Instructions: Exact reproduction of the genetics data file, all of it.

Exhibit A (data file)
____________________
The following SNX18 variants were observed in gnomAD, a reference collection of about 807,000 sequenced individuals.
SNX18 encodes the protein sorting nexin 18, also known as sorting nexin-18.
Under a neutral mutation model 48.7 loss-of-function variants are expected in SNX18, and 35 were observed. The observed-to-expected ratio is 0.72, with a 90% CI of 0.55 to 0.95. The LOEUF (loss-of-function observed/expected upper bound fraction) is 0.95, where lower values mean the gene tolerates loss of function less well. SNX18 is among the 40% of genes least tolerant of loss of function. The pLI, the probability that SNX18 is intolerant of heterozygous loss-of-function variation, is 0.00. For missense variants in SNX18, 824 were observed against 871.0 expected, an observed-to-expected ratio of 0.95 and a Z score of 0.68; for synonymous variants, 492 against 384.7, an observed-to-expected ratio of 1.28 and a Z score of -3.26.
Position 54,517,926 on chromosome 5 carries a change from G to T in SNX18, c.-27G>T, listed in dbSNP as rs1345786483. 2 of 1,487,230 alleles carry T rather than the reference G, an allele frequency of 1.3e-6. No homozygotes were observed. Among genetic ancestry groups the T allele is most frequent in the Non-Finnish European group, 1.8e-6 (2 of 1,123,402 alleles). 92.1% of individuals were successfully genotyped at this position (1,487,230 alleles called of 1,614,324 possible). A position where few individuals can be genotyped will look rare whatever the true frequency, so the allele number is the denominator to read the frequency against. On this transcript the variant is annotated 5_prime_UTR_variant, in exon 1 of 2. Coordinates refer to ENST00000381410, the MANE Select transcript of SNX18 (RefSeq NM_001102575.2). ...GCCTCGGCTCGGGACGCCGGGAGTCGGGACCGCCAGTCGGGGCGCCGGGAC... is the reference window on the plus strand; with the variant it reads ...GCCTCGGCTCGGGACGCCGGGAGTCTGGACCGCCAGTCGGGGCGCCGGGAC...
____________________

The following SNX18 variants were observed in gnomAD, a reference collection of about 807,000 sequenced individuals.
SNX18 encodes the protein sorting nexin 18, also known as sorting nexin-18.
Under a neutral mutation model 48.7 loss-of-function variants are expected in SNX18, and 35 were observed. The observed-to-expected ratio is 0.72, with a 90% CI of 0.55 to 0.95. The LOEUF (loss-of-function observed/expected upper bound fraction) is 0.95, where lower values mean the gene tolerates loss of function less well. SNX18 is among the 40% of genes least tolerant of loss of function. The pLI, the probability that SNX18 is intolerant of heterozygous loss-of-function variation, is 0.00. For missense variants in SNX18, 824 were observed against 871.0 expected, an observed-to-expected ratio of 0.95 and a Z score of 0.68; for synonymous variants, 492 against 384.7, an observed-to-expected ratio of 1.28 and a Z score of -3.26.
Position 54,517,926 on chromosome 5 carries a change from G to T in SNX18, c.-27G>T, listed in dbSNP as rs1345786483. 2 of 1,487,230 alleles carry T rather than the reference G, an allele frequency of 1.3e-6. No homozygotes were observed. Among genetic ancestry groups the T allele is most frequent in the Non-Finnish European group, 1.8e-6 (2 of 1,123,402 alleles). 92.1% of individuals were successfully genotyped at this position (1,487,230 alleles called of 1,614,324 possible). A position where few individuals can be genotyped will look rare whatever the true frequency, so the allele number is the denominator to read the frequency against. On this transcript the variant is annotated 5_prime_UTR_variant, in exon 1 of 2. Coordinates refer to ENST00000381410, the MANE Select transcript of SNX18 (RefSeq NM_001102575.2). ...GCCTCGGCTCGGGACGCCGGGAGTCGGGACCGCCAGTCGGGGCGCCGGGAC... is the reference window on the plus strand; with the variant it reads ...GCCTCGGCTCGGGACGCCGGGAGTCTGGACCGCCAGTCGGGGCGCCGGGAC...